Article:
For RAI, there was also a significant difference in time trend between HIV-1-positive and HIV-1-negative men (P = 0.01). For both HIV-1-negative and HIV-1-positive men, there was no statistically significant difference in time trend for RAI between men who received payment for sex and men who did not (P = 0.22 for HIV-1-negative and P = 0.11 for HIV-1-positive; Figs. 4c and d). RAI was very common among HIV-1-positive men; in those who were paid for sex it was close to 100%, and it did not significantly decline over time for either men who did or did not pay for sex. For HIV-1-negative men, there was an initial decline in RAI, both for men who did not receive payment for sex (aOR at baseline compared with 1 year of follow-up 9.24, 95% CI 3.06–27.92), and for men who did receive payment (aOR 2.98, 95% CI 1.02–8.70). For both groups, this decline continued between 1 and 4 years of follow-up (aOR at 4 years compared with 1 year of follow-up 0.04, 95% CI 0.00–0.30 for men who did not receive payment for sex and aOR 0.03, 95% CI 0.00–0.25 for men who did receive payment).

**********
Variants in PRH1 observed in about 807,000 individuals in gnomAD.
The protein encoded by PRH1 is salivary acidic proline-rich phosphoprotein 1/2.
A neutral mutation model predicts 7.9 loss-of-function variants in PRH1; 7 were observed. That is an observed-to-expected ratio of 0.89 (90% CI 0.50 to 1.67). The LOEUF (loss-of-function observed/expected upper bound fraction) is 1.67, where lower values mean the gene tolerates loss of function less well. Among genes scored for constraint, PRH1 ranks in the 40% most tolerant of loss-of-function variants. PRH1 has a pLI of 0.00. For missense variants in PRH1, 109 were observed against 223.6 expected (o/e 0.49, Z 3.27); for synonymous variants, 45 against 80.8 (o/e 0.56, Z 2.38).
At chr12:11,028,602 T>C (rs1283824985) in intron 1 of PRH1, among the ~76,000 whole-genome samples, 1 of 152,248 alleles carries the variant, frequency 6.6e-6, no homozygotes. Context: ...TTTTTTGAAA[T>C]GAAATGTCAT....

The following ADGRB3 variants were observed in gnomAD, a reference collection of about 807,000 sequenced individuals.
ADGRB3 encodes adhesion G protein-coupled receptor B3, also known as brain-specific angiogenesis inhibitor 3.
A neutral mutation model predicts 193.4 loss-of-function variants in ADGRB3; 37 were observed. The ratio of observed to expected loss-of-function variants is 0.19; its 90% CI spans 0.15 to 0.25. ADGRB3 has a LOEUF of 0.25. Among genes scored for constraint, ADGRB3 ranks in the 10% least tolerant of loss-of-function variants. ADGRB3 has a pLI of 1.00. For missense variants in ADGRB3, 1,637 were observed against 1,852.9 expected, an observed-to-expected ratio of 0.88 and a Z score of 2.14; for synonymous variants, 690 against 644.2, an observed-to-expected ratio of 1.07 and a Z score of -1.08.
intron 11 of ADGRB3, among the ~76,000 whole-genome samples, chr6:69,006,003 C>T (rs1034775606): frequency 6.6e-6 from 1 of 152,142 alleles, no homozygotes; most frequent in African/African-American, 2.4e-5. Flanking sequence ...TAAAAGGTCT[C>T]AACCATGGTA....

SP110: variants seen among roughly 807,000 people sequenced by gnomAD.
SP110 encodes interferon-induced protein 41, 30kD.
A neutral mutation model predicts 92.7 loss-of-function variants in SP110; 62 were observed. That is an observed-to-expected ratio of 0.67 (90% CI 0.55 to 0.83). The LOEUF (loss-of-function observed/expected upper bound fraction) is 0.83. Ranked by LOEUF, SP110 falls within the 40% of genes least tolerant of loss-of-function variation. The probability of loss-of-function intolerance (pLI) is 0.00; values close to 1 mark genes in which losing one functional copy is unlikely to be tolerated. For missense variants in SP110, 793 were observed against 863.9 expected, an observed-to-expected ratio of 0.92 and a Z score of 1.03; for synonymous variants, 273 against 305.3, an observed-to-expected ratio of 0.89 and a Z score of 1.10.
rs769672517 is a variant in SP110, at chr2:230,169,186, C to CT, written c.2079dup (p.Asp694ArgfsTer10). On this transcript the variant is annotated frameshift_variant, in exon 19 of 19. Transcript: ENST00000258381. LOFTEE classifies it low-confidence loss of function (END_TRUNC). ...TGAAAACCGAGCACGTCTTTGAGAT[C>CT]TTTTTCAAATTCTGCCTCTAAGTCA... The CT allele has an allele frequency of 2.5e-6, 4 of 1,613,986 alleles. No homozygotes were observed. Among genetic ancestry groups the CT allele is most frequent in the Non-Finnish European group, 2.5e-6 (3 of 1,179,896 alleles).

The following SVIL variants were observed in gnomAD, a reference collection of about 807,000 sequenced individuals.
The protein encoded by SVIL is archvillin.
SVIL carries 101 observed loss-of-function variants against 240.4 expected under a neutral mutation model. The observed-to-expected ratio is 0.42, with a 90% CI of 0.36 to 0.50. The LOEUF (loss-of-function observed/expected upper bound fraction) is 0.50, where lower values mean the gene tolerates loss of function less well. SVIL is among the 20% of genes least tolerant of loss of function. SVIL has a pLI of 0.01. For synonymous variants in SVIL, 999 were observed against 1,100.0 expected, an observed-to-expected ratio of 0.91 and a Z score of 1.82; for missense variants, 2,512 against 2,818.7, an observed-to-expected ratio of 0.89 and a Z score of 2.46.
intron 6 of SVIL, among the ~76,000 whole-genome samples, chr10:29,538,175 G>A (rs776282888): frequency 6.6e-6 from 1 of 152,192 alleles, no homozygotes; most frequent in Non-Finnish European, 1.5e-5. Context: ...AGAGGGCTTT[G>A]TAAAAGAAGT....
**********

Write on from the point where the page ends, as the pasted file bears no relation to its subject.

This unique, longitudinal study on trends in sexual risk behavior among African MSM shows that it is possible to engage, enroll, and follow-up a relatively large number of MSM in a setting unsupportive of same-sex practices. MSM enrolled in this study received regular RRC and, for seronegative men, HIV-1 testing, and reductions in sexual risk behavior were observed. Reductions were found in number of partners and any type of unprotected sex in the past week, and UAI in the past 3 months. In addition, HIV-1-positive men showed decreases in IAI, and HIV-1-negative men in RAI.